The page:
Any movie that persuades teens to read more of The Scarlet Letter than the title deserves kudos.
In Easy A, directed by Will Gluck, Olive Penderghast (Emma Stone) embroiders a red “A” onto her clothes, just like Hester in The Scarlet Letter, to represent her promiscuity.
However, unlike Hester, Olive did not have an actual affair–her tarnished reputation resulted from a rumor gone too far.
Olive is introduced as a quirky personality who goes mostly unnoticed. She spends her weekends singing along to audio Hallmark cards and conversing with her hippy parents. Only until she is overheard embellishing her weekend to her friend, Rhiannon (Alyson Michalka), does she gain recognition among her peers.
Marianne (Amanda Bynes), a self-proclaimed Jesus-freak, eavesdrops on the friends’ conversation only to discover that Olive “had sex” with a college boy. She spreads the story throughout the school, and by the end of the day Olive is the class slut.
Despite Marianne’s conviction that Olive is doomed to a fiery hell for her sins, Olive did not actually sleep with the said college boy. She tries to explain the mistake to Marianne, attempting to right the misunderstanding, but Marianne refuses to believe her.
Soon after, Brandon (Dan Byrd), a homosexual boy tormented by his peers, asks Olive for a favor. He requests that she pretend to sleep with him in order to create a straight persona. Olive agrees and launches a business of fake affairs. This method is successful for the sexual underdogs of Ojai High, but dooms Olive to skankdom.
For a while the gossip does not seem to bother Olive; she struts down the hallways with “Poker Face” blaring in the background, confidence radiating from her skimpy outfits and biting wit.
However, after a certain boy takes her “business” too far and tries to exchange a Best Buy giftcard for actual sex, Olive breaks. She realizes the extent to her actions, and the lightheartedness of the movie vanishes.
Any good chick flick though, has an attractive male lead to save the day, and Easy A is no exception. Todd (Penn Badgley) helps Olive to set up a “grande finale” at the school pep rally to advertise a web-show narrating her story from beginning to end (the movie begins in media res, so the web-cast is really just what the audience has been watching the whole time) and revealing the truth.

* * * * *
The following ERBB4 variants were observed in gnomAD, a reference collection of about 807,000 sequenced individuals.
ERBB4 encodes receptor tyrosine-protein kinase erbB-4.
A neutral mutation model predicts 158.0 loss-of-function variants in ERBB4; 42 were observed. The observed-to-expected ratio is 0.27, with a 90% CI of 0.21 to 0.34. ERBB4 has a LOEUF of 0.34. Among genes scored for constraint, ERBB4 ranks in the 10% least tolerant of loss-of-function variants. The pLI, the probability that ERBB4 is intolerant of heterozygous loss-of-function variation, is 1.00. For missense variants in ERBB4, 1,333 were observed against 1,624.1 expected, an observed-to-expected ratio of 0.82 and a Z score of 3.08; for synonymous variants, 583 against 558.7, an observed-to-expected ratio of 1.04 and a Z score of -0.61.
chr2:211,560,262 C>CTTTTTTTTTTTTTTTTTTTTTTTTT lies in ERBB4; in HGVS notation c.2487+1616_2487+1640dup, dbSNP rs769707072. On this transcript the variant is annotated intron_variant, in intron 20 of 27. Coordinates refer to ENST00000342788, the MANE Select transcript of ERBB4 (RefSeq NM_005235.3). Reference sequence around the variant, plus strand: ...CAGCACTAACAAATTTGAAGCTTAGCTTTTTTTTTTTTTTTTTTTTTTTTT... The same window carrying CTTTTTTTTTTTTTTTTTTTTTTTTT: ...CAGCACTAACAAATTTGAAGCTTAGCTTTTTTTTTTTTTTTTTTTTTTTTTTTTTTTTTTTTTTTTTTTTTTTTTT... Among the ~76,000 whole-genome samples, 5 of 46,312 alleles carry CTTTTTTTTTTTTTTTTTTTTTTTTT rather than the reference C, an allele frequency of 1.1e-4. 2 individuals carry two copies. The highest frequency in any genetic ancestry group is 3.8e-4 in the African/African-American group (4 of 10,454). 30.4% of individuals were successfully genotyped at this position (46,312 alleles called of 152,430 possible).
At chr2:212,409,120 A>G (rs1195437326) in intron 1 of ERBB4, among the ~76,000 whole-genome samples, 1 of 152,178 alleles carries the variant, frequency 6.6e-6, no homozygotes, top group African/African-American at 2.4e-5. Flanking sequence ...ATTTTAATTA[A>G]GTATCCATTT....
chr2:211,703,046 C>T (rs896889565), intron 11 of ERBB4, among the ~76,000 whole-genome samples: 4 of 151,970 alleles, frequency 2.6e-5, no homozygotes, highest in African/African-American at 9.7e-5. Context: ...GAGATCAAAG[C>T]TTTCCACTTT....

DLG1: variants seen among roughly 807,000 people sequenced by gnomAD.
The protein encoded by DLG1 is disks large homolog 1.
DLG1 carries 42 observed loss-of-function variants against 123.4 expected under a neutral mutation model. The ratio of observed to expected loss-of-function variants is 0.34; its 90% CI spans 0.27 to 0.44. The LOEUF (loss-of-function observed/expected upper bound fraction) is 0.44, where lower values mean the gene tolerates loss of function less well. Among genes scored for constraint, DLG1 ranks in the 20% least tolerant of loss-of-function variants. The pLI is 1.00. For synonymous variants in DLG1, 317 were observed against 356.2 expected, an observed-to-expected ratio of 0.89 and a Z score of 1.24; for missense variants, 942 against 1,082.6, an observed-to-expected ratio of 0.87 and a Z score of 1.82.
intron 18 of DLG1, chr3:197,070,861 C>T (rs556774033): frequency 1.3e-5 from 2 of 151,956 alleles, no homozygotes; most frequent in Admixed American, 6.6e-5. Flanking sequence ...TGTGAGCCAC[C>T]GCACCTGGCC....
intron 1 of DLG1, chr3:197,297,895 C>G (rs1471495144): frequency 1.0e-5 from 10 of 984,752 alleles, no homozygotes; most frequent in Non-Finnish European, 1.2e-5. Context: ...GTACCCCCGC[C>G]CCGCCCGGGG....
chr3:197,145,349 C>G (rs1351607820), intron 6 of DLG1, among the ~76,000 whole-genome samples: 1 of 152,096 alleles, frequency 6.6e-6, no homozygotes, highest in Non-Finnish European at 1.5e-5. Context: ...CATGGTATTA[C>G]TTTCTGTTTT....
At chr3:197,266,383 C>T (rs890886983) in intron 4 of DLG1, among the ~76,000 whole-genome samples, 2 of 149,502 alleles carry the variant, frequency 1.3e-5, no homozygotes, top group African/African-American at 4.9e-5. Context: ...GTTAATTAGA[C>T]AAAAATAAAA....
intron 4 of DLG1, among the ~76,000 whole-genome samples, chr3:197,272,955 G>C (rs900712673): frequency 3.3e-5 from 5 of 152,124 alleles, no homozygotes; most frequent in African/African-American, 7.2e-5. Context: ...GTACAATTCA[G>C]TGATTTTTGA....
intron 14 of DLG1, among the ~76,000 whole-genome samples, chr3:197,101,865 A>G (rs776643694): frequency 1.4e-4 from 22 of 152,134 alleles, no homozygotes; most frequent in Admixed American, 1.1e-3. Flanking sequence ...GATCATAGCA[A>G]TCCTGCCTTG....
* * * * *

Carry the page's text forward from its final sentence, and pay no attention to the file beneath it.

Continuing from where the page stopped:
After the web-cast she rides into the distance with Todd on the back of a lawnmower, a Can’t Buy Me Love fantasy, with the Simple Mind’s “Don’t You Forget About Me” melody in the California backdrop.
Despite this somewhat cheesy ending, I thoroughly enjoyed Easy A. Critics have dubbed Easy A as a mediocre film, salvaged only by Emma Stone’s performance and a few good punchlines. The punchlines though, left me laughing all the way home from the theater, and even more once I arrived home and re-watched the clips online.
Though the movie did not fully develop the parallel with the Scarlet Letter, it did enough to cast interest, leaving the rest of Hawthorne’s novel out (which was probably a good thing due to the popularity of the novel). But a movie encouraging one to read literature, now that’s just a good film.
Overall, Easy A was breezy, full of laughter and cleverness–mostly on Emma Stone’s part. Although Olive’s relation with her parents and miraculous reputation rap-up was unrealistic, I still enjoyed the movie. Even though many would classify Easy A as a comedic chick flick, it was still thought-provoking, challenging viewers to question society’s view on sex. Easy A treated sex lightheartedly, and as a joke for a majority of the movie–much like society does. Sex is not a big deal in modern culture, and it was not a big deal in Easy A.
Towards the end of the movie though, this idea of sex shifted. Olive changed her mind, she didn’t like being perceived as a floozy, even if it was pretend. She made no judgement as to whether sex was okay (which I’m sure upset Marianne) but concluded that it is “nobody’s business.”
It would be easy to not talk about sex. A sometimes uncomfortable subject, many would find an open sexual forum inappropriate. In this way, Easy A, is edgy–detailing the story of, in extreme terms, a teenage prostitute. With a character like Olive, there is potential to offend, but in that potential lies an even larger opportunity, a chance to make a statement. Easy A went out of the public comfort zone and brought attention to an issue that society treats more lightly than it should. Easy A does not aim to prove that sex should not be discussed (despite the danger of gossip demonstrated in the film), but that it holds more weight than pop culture conveys.
Today, sex is a spectacle and is ubiquitous in the media. Easy A shows the danger of a public sex life, and challenges the audience not to disregard this taboo subject, but rather to retain a sense of privacy regarding sex. Olive put out her pseudo-sex life in order to gain attention. She realized though that notoriety was worse than anonymity. She realized that she finally had to turn the web-cam off.
So for those who said that Easy A was just a hollow chick flick, I say look closer—because beneath every scarlet letter A, is a story worth telling.